Types of Virtualization and Cloud Computing and their differences focuses on the underlying technology, analyzes the perspective of resources in easy words. This article will demystify various types of Virtualization, Cloud with link to appropriate more explanatory articles published before in related articles. We hope, with this article, Types of Virtualization and Cloud Computing; a general user will be more aware of these technologies, which to most appears as buzz words.
Types of Virtualization
The term Virtualization means the creation of a virtual computational resource which normally supplied physically as a hardware platform with an operating system and a storage device or a network resource. The operating system of a computer provides a separation between the physical resources available and their use by the user, through the creation of the logical components to a higher abstraction layer. Virtualization operates a function logically similar, constructing a plurality of logical perspectives on physical resources, each of which can be used to interact with a particular user as needed. Virtualization constructs an isomorphism between the virtual and the real system.
In the perspective of resources, virtualization creates a plurality of logical subsets of the full set of available physical resources (CPU, memory, network ). The user perceives and uses only the abstractions provided by the virtualization layer, ignoring the details of the resources.
Hypervisor based virtualization and non hypervisor based virtualization
The software component that provides the interface for the virtual machine with the platform on which it resides is called a virtual machine monitor or hypervisor. There are two basic types:
Type I Hypervisor : The hypervisor runs directly on the hardware, allowing direct control to provide virtualization capabilities. It identifies a layer of separation between the operating system and the physical platform. A good example is Microsoft Hyper-V. The hypervisor provides that the execution of various operating systems in their environments and is fully isolated. One of the partitions, must include the host operating system, specifically Windows Server 2008, which is able to create child partitions daughters with their guest operating systems. These systems are directly running on the hypervisor. Another example is the open-source Xen project, which is widely used by different service providers of cloud computing.
Type II Hypervisor : The hypervisor is running on the host operating system, which in turn lies on the physical platform. It is particularly effective in situations where user want immediate access to both the host operating system (usually the user’s desktop OS) and the guest OS. It provides all supportive services for virtualization, but relies on the host system in memory management, resource allocation, scheduling and drivers. Known examples of hypervisor in this category are VMware and VirtualBox.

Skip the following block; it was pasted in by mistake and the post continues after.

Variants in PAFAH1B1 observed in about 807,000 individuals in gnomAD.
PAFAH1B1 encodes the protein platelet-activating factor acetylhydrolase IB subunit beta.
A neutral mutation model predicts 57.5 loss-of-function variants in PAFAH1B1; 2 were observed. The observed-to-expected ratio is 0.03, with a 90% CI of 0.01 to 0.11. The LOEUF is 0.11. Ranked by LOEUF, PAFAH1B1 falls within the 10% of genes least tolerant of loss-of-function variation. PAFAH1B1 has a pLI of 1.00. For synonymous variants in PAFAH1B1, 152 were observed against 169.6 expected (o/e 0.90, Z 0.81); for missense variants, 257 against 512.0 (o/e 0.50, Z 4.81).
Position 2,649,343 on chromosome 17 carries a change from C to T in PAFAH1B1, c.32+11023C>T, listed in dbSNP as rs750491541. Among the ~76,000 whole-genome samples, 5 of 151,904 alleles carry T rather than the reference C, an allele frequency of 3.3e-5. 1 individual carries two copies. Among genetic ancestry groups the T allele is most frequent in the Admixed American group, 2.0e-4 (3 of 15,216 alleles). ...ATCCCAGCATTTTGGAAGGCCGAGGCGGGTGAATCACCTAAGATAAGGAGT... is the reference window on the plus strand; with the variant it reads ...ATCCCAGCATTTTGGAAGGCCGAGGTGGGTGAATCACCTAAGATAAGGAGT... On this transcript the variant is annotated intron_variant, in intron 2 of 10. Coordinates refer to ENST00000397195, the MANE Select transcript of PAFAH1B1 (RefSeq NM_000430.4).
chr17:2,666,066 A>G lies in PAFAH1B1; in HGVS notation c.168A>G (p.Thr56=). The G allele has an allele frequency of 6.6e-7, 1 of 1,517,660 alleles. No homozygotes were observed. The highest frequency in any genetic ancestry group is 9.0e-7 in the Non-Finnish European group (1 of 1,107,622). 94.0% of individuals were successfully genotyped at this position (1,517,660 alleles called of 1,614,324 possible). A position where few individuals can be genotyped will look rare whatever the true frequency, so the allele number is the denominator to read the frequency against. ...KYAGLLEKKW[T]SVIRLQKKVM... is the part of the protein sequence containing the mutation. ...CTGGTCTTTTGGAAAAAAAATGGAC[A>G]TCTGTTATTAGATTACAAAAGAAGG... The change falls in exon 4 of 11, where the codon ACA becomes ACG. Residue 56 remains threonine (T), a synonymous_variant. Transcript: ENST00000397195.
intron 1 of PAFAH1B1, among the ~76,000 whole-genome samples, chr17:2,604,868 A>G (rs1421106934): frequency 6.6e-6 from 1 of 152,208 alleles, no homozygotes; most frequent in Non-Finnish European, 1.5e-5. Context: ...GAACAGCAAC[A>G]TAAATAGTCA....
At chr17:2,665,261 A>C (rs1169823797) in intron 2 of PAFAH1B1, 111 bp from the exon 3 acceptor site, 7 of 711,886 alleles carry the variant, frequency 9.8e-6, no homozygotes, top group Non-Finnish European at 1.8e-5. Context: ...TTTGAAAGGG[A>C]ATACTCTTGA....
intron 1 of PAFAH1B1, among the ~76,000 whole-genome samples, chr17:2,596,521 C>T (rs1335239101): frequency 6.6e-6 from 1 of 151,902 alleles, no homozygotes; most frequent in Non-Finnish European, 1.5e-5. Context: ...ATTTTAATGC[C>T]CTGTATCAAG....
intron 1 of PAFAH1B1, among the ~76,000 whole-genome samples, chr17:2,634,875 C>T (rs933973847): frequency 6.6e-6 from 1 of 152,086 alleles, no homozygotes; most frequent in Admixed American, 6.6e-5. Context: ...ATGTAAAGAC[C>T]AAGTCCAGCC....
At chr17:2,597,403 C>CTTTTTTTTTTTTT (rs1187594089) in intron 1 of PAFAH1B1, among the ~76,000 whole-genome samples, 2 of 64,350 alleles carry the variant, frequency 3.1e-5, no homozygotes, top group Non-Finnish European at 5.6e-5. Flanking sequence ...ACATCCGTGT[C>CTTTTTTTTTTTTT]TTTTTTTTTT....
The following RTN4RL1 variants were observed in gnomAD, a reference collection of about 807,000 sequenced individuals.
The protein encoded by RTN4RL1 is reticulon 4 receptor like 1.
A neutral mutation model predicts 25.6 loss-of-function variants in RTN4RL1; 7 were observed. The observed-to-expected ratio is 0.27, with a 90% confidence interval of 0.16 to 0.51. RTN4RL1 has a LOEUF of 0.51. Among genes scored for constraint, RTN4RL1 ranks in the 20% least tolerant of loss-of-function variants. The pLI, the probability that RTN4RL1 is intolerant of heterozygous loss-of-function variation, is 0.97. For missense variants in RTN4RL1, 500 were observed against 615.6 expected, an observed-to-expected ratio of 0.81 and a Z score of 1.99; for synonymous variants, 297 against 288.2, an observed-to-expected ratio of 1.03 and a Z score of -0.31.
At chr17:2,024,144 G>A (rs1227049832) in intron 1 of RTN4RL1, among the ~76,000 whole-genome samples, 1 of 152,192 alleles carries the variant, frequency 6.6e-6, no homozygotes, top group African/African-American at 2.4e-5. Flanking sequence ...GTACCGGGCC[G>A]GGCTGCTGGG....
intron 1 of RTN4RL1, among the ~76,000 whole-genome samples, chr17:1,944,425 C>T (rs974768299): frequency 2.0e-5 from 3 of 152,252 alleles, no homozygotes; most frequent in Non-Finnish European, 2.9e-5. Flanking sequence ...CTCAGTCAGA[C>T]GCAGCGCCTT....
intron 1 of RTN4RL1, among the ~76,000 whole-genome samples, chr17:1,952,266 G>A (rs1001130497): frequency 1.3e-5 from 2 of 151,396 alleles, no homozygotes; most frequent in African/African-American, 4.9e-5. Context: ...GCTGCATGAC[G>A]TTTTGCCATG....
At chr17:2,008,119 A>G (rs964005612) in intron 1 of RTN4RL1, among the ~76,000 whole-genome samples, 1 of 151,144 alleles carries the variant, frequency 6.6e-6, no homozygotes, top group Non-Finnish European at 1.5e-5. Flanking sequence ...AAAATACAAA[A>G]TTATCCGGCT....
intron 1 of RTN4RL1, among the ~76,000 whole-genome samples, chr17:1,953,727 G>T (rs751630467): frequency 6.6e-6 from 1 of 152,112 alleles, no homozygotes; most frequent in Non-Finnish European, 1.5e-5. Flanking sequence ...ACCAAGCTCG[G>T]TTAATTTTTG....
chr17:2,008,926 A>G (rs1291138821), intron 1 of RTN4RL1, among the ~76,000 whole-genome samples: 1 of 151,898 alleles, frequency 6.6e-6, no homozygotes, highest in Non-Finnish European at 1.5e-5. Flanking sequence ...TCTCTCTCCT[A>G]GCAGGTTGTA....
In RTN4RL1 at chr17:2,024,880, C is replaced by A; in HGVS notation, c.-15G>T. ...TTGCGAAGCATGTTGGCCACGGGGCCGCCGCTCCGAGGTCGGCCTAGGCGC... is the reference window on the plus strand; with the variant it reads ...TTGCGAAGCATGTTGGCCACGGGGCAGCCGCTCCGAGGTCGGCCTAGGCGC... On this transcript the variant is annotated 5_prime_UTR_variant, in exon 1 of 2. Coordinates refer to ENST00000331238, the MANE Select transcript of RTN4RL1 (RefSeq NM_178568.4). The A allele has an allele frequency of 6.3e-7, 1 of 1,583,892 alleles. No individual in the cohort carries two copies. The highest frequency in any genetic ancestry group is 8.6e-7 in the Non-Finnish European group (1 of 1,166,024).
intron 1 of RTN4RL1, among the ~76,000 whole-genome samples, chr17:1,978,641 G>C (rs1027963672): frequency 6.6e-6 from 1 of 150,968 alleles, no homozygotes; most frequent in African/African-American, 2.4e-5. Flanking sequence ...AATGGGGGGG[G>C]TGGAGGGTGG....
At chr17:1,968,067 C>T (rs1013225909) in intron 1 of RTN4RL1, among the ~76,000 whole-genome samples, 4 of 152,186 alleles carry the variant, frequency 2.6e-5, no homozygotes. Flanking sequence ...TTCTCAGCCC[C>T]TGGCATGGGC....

There are different types of virtualization, not necessarily based on hypervisor only :
Full Virtualization : The hypervisor virtualizes completely the hardware (memory, CPU, network etc.) thereby ensuring full compatibility with any operating system that supports the virtual physical infrastructure. The guest and host systems are completely isolated. The first significant example of full virtualization is represented by the operating system IBM CP-40 developed in 1967, it was able to run multiple instances of client operating systems. The aforementioned Hyper-V, VMware and VirtualBox ensure compatibility with this type of virtualization.
Hardware Assisted Virtualization : Also known hardware virtual machine (HVM) or native virtualization. This is an approach to full virtualization in extended condition, wherein the processor provides the architectural support to facilitate the construction and the hypervisor forward calls of different guest operating system directly to the physical hardware, increasing the overall performance of the system. Xen hypervisor, VMware, VirtualBox and Hyper-V are compatible with this technology.
Paravirtualization : Hypervisor does not simulate hardware, but it presents a modified interface functionally similar to the real one. The interface takes the form of a set of APIs called Virtual Hardware API, which are designed with a view to be used by a specific virtual machine. The lack of hardware emulation results in better performance, but the guest operating systems need to be reviewed to ensure compatibility with the virtual interface, identifying less flexibility in the solution. The Xen hypervisor is compatible with this approach.
Operating system level virtualization : The solution includes a host operating system shared centrally, with a suitably modified kernel. Guest operating systems, also contain containers or virtual private servers (VPS), must necessarily be of the same type host. The features are then replicated without the need to perform cumbersome system calls between the different layers. Examples of host operating systems are compatible with this type of virtualization is used on most Linux server via the support VServer or OpenVZ and Solaris.